Poetry in Bars and Other Solutions

September 23rd, 2017  |  Published in September 2017

“The spirit of Dada re-emerges in the puberty of every artistic generation,” —Adrian Notz (owner / operator of the Cabarete Voltaire)



Believing that painting had become too concerned with pleasing the eye and not the mind, Marcel Duchamp had the idea to fasten a bicycle wheel to a kitchen stool and watch it turn—a move that became one of the highlighted precursors to both kinetic and conceptual art. It seems true to form that with every generation of artists frustrated with their current political climate and the commercialization of art, the direct response seems to always be the same: let’s get weird. Whether it’s 1913 in Zurich or 2017 in, well. . . anywhere.

Whiskey fists mounted

on her far from fragile face

her body less fertile

than the gutted


At least the cow

in the barn makes milk

when I squeeze her

tits hard enough

That’s why I found it intriguing when in July I received an email from Tony Huffman asking me to come watch a curated group of writers perform in an evening of Dadaist Slam Poetry at a small dive bar in Lexington, Kentucky. Tony Huffman, a hopeful curator and contributor to aeqai and to UnderMain, placed a call for submissions to the area, resulting in six authors being scheduled: Tony Huffman, Shelby Jones, Chuck Clenney (piece performed by Chris Adams), and Nellie Greer (wasn’t performed). Unfortunately, Clenney and Greer were no shows. Though I felt sympathetic for Huffman who was clearly, and understandably, disappointed in the no-shows, the readings continued as scheduled. I’m disappointed that Greer’s piece Dry Cow wasn’t performed. Reading the copy that was sent to me, it was rather striking. There was a strong brand of feminist Kentucky anarchism that read particularly relevant to the venues’ location and the history of Dadaism:

Greer’s work fits within all of Dada’s expectations for frustration, utilizing tools found in everyday life, and fighting the bourgeoisie. There’s is also a lovely sense of gratitude for the earth in juxtaposition to frustration for societal expectations.

The five works that were presented were— well— acceptable. The readers seemed nervous rather than righteously angry. This wasn’t an act of rebellion— it was an over-intellectualized, not curated, group of readings— distinctively not Dada. Huffman took his understanding and appreciation of a movement within the western art canon, much admired for its buoyancy and timelessness, and attempted to apply it to contemporary issues that are old as time but begging for a new solution.



An image of english graffiti documented in Roger Perry’s The Writing on the Wall (1976). Graffiti found and documented on or around a crumbling 1970’s London. Author / Photographer unknown.

After the regularly scheduled readings Huffman opened up the floor to the audience for a regularly scheduled (from my understanding) open mic night. The audience contained several locals, and one traveling participant ended up contributing to the event in a way that Huffman clearly wasn’t expecting. For the sake of privacy for these individuals whom I’m sure did not plan on being reviewed I will not be listing their names, or even referencing their works; because that isn’t the point. The point is that an aspiring curator felt the obligation to create an avenue for locals to write, collaborate, analyze, discuss art history, as well as discuss contemporary issues in a public forum that wasn’t a gallery. This act is important and needs to be repeated. Over and over again. The Cabarete Voltaire was (and is) known for its ability to gather like minds for discussion, debate, and call to action. Here is my challenge to Huffman to understand that his idea to curate an event such as this is important— but he needs to feel responsible for repeating it— and letting go of some of his power.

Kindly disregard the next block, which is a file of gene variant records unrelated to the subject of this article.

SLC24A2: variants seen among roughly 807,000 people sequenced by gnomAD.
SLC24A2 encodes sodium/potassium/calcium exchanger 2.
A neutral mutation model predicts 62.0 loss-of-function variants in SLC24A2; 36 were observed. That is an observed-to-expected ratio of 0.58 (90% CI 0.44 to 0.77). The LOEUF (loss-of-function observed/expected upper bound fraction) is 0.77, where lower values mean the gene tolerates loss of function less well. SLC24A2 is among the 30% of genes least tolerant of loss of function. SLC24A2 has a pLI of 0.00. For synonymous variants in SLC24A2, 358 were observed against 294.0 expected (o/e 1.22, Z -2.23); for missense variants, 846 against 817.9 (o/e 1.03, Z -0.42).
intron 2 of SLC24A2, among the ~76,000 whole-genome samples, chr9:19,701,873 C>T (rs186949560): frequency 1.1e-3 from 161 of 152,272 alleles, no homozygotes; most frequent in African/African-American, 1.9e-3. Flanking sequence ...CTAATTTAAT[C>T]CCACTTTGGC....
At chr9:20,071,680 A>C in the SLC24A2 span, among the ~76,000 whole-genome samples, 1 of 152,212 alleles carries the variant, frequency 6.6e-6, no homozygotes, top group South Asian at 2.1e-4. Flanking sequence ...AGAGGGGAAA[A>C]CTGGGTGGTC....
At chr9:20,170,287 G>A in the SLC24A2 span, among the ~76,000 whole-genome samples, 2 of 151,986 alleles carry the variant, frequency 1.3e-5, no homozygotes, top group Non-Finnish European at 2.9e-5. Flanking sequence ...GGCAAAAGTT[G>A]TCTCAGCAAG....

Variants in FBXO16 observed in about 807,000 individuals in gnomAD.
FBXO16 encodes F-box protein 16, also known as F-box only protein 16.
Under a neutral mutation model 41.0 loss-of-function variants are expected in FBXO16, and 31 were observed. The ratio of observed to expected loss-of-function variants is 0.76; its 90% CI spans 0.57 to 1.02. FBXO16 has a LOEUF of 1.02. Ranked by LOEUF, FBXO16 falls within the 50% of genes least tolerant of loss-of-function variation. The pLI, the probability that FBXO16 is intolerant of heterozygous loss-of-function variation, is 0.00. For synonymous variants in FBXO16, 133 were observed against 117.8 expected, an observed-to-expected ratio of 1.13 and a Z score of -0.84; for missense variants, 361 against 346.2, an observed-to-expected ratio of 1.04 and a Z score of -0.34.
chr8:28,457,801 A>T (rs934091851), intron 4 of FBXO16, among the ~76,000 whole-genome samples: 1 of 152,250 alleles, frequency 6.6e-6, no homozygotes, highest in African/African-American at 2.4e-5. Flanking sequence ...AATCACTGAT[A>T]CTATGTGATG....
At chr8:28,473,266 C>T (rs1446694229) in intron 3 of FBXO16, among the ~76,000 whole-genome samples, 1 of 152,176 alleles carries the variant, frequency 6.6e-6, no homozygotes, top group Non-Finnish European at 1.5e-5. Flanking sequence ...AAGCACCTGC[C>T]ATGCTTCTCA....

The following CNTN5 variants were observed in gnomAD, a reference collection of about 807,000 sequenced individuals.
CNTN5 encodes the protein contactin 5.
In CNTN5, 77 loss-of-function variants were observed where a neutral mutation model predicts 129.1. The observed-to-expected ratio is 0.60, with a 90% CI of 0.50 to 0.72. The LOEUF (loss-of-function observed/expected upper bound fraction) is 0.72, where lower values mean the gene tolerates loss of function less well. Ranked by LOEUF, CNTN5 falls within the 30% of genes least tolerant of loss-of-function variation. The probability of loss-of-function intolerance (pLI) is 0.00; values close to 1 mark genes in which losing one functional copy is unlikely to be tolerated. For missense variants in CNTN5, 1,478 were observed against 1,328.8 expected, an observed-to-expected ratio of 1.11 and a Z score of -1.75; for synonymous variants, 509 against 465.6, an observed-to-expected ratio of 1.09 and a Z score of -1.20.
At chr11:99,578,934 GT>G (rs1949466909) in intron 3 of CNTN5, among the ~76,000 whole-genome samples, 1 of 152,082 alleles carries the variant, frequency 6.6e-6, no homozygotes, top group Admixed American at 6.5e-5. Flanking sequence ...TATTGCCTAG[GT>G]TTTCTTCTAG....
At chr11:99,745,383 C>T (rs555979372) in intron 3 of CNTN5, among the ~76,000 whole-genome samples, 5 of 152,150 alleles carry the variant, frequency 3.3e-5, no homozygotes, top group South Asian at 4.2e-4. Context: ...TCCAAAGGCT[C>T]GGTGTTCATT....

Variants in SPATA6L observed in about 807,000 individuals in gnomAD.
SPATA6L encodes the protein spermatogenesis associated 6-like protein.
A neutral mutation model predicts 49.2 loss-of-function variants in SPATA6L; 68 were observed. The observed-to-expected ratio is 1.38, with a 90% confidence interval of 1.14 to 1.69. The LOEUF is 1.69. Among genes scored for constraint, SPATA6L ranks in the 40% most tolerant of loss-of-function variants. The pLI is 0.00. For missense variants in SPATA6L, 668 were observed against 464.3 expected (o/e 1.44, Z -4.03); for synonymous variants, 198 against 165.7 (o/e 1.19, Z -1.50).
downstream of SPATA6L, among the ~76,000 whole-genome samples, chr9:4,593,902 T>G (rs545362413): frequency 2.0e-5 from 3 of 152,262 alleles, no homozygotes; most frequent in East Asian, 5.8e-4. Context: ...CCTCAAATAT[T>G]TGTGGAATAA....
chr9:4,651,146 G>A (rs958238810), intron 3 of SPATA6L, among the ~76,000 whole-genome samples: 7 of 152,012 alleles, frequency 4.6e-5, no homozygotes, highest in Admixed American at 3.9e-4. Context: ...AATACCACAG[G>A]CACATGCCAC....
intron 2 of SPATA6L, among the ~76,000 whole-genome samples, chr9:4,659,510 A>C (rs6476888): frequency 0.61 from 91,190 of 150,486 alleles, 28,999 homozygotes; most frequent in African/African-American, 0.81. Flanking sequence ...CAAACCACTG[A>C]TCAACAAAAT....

I disagree with Huffman’s intention of curating a night of ‘Dadaist Slam Poetry’. The mere construct of curation is somewhat antithetical to Dada, but I found that Huffman’s timing couldn’t have been more perfect. I thought that his objective in organizing such an event showed a keen socio-cultural sensitivity and skill of observation; although I was disappointed to learn that he was unaware that Kentucky was fertile ground for Dadaism with such influential figures as Elsa von Freytag-Loringhoven (aka Baroness Elsa) on a farm not far from University of Kentucky after her stint in New York; and of course Kentucky’s rich tie in to the Arts and Crafts Movements, which included involvement in Arte Povera Movements and the like. I also felt that though Dadaism was a great lens in which to examine such an evening, it wasn’t contemporary enough. Dada provides a framework for viewing, but contemporary propagators of art, criticism, and philosophy need to take the reign and develop something new.

Dadaism had a hand in a long list of movements throughout the 20th and 21st centuries: Conceptual, Political, Identity, and Casualism among others. As a citizen of this version of the United States that was capable of voting Donald Trump into office, the most absurd thing we can do is educate and communicate with those who don’t have the capability of learning about the importance of art in a traditional setting. This means leaving the galleries. This means leaving the library. This means leaving the studio. It means inviting people in. The best way to criticize and satirize our government is by demanding to be a part of its solution.

–Megan Bickel




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